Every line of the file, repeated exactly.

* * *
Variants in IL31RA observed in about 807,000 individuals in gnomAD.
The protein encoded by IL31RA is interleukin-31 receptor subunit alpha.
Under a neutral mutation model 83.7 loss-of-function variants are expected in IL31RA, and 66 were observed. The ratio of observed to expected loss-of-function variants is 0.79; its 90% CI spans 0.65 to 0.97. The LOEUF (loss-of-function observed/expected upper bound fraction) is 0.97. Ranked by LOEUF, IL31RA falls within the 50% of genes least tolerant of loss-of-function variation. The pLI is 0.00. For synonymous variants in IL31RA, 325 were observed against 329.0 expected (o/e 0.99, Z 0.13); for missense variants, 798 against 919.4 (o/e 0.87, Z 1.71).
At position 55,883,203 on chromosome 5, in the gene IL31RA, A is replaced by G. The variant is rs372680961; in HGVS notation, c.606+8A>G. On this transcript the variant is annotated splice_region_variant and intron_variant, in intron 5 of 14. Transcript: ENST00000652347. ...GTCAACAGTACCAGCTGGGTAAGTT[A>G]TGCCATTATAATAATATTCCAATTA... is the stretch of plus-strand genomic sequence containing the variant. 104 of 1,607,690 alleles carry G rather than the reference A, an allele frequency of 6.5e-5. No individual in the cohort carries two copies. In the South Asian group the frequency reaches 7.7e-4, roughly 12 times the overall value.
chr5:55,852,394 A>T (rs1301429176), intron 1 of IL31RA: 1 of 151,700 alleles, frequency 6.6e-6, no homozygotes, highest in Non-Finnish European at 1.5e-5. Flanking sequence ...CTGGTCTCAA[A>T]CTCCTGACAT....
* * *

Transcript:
Variants in IL31RA observed in about 807,000 individuals in gnomAD.
The protein encoded by IL31RA is interleukin-31 receptor subunit alpha.
Under a neutral mutation model 83.7 loss-of-function variants are expected in IL31RA, and 66 were observed. The ratio of observed to expected loss-of-function variants is 0.79; its 90% CI spans 0.65 to 0.97. The LOEUF (loss-of-function observed/expected upper bound fraction) is 0.97. Ranked by LOEUF, IL31RA falls within the 50% of genes least tolerant of loss-of-function variation. The pLI is 0.00. For synonymous variants in IL31RA, 325 were observed against 329.0 expected (o/e 0.99, Z 0.13); for missense variants, 798 against 919.4 (o/e 0.87, Z 1.71).
At position 55,883,203 on chromosome 5, in the gene IL31RA, A is replaced by G. The variant is rs372680961; in HGVS notation, c.606+8A>G. On this transcript the variant is annotated splice_region_variant and intron_variant, in intron 5 of 14. Transcript: ENST00000652347. ...GTCAACAGTACCAGCTGGGTAAGTT[A>G]TGCCATTATAATAATATTCCAATTA... is the stretch of plus-strand genomic sequence containing the variant. 104 of 1,607,690 alleles carry G rather than the reference A, an allele frequency of 6.5e-5. No individual in the cohort carries two copies. In the South Asian group the frequency reaches 7.7e-4, roughly 12 times the overall value.
chr5:55,852,394 A>T (rs1301429176), intron 1 of IL31RA: 1 of 151,700 alleles, frequency 6.6e-6, no homozygotes, highest in Non-Finnish European at 1.5e-5. Flanking sequence ...CTGGTCTCAA[A>T]CTCCTGACAT....